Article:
Contrary to anti-sustainability positions taken by some government officials in other states—most notably in Florida—California has been at the forefront in promoting energy efficiency measures. As an offshoot of this trend, a series of competitions supported not only by the AIA California, but also by the primary energy provider in the state, PG&E have taken place annually since 2011—all at different sites. Although conceived as ideas competitions, the clients who were considering construction projects participated in supplying the necessary site and volume data for the program, and it was probably understood that some of the ideas from the competitions would be incorporated in the ultimate projects.

 

In this year’s 2016 Architecture at Zero competition, the site was located at San Francisco State University, near Lake Merced in the southwestern area of the city. As a potential client, the university supplied data for a student residence project, especially important to the San Francisco area because of the high cost of housing. One negative outcome of this scenario has been a low student retention rate. By targeting affordable housing for students, the university sees this as part of the solution.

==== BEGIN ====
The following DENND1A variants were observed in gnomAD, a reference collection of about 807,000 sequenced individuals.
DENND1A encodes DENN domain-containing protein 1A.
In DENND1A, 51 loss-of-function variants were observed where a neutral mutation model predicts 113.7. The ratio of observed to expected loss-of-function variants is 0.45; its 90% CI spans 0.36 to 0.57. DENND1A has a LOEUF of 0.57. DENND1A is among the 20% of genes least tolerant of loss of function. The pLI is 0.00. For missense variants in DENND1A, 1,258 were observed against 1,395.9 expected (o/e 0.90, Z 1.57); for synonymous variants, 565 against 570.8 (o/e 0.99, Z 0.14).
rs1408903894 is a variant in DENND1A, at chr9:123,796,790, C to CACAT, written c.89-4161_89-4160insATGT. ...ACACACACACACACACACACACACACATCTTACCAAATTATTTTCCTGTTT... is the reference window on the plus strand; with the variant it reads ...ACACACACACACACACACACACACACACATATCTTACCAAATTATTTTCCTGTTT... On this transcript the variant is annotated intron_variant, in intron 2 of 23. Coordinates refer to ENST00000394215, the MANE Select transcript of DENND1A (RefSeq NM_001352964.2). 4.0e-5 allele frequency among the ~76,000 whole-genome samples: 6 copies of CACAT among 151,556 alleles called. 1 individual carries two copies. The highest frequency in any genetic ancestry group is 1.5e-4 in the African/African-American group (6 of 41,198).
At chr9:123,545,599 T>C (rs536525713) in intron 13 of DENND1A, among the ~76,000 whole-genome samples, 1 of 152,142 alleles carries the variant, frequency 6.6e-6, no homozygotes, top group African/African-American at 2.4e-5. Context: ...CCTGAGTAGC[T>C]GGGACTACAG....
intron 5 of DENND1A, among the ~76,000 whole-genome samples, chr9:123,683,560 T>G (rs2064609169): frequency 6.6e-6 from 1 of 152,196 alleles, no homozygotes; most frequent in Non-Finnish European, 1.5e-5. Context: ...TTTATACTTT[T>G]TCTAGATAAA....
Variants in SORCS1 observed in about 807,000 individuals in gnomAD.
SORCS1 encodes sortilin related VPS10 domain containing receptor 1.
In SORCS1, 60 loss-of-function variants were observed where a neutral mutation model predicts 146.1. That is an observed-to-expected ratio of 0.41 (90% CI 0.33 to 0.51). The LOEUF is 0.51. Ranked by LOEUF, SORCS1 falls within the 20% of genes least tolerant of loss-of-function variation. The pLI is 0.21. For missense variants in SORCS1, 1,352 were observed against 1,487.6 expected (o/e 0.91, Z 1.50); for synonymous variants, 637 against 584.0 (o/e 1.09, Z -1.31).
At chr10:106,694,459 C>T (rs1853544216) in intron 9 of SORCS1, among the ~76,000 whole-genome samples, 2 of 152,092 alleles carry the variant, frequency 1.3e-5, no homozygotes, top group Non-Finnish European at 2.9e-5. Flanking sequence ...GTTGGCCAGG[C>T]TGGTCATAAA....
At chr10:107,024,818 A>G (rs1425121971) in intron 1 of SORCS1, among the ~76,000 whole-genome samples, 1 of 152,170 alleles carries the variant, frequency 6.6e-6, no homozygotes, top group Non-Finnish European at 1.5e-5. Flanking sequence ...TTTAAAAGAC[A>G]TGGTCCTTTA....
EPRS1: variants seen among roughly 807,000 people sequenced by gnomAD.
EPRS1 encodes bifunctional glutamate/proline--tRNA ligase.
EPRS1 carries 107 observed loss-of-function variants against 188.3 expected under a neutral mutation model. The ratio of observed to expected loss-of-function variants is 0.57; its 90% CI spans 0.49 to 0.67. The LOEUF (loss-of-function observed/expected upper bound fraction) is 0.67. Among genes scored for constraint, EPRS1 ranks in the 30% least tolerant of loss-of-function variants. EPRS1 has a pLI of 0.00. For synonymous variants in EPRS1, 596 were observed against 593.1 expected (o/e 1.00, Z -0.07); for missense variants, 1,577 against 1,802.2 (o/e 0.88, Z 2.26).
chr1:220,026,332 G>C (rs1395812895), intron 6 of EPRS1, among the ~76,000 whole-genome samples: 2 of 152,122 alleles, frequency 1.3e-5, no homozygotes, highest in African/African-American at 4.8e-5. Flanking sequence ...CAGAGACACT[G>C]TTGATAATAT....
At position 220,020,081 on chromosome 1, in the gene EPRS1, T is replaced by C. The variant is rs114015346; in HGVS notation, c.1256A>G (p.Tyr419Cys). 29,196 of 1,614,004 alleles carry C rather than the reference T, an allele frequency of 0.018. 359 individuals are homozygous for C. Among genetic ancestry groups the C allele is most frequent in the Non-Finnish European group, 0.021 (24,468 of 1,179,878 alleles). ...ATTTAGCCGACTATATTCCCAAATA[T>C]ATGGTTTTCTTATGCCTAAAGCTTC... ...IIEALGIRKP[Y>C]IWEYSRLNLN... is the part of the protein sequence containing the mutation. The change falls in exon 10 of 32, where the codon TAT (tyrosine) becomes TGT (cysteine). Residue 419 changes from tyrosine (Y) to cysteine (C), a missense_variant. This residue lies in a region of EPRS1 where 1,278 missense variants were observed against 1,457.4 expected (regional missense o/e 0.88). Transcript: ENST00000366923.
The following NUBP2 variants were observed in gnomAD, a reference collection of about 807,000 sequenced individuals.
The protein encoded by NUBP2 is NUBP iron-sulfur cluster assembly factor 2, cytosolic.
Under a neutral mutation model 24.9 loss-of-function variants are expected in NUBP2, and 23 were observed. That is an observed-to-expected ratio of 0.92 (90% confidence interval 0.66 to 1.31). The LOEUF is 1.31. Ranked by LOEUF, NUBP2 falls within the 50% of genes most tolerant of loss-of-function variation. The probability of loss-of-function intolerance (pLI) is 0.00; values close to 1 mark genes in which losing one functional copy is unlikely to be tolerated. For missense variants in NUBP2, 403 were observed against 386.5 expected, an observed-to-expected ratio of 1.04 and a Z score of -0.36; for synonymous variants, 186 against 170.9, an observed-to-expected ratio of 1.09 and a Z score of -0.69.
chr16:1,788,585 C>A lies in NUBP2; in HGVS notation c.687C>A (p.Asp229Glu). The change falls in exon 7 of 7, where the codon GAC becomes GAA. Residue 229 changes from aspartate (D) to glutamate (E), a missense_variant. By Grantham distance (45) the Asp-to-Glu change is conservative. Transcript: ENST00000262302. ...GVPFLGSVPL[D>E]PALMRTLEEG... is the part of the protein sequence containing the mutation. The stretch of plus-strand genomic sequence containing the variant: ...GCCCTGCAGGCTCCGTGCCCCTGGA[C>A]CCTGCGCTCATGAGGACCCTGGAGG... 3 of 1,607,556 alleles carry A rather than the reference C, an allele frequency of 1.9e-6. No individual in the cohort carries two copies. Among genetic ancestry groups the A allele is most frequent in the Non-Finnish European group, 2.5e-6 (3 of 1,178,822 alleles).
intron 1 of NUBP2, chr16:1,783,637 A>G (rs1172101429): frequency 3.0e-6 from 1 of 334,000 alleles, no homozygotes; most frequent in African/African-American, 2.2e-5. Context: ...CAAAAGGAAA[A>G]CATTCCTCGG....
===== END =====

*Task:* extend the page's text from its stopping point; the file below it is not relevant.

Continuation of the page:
site-plan

 

Competitors were tasked to regard the design challenge with these priorities in mind:
“By encouraging innovative design solutions to site-specific design challenges, the competition aims to broaden thinking about the technical and aesthetic possibilities of zero net energy projects. Further, it seeks to raise the profile of ZNE among built-environment professionals, students, and the general public in California and beyond.”

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The Lamborghini Road Monument Competition

 

Visualizing Performance and Style


Participants in the Lamborghini Road Monument competition were challenged to build two architectonic landmarks aimed at marking the entrances of Automobili Lamborghini's historic plants—two landmarks to celebrate the legend and sculpt in matter the history of speed, power and innovation. In the mind of the client, the challenge was clear:

"How to reflect the character and the values of one of the most renowned and valued brand of the international scenario in an architectonic installation; and architecturally interpret the DNA of one of the most representative brands of the automotive history." Not only was Automobili Lamborghini ready to offer prize money to the premiated entries totaling €20,000; the firm was also willing to build the winner, with apparently no specific budget in mind.

In the end, Lamborghini decided to award two projects with first prizes, €12,000 to each team, and go ahead with the realization of both installations, assuming that they will become the landmarks of Sant'Agata Bolognese, where Lamborghini's plants are located.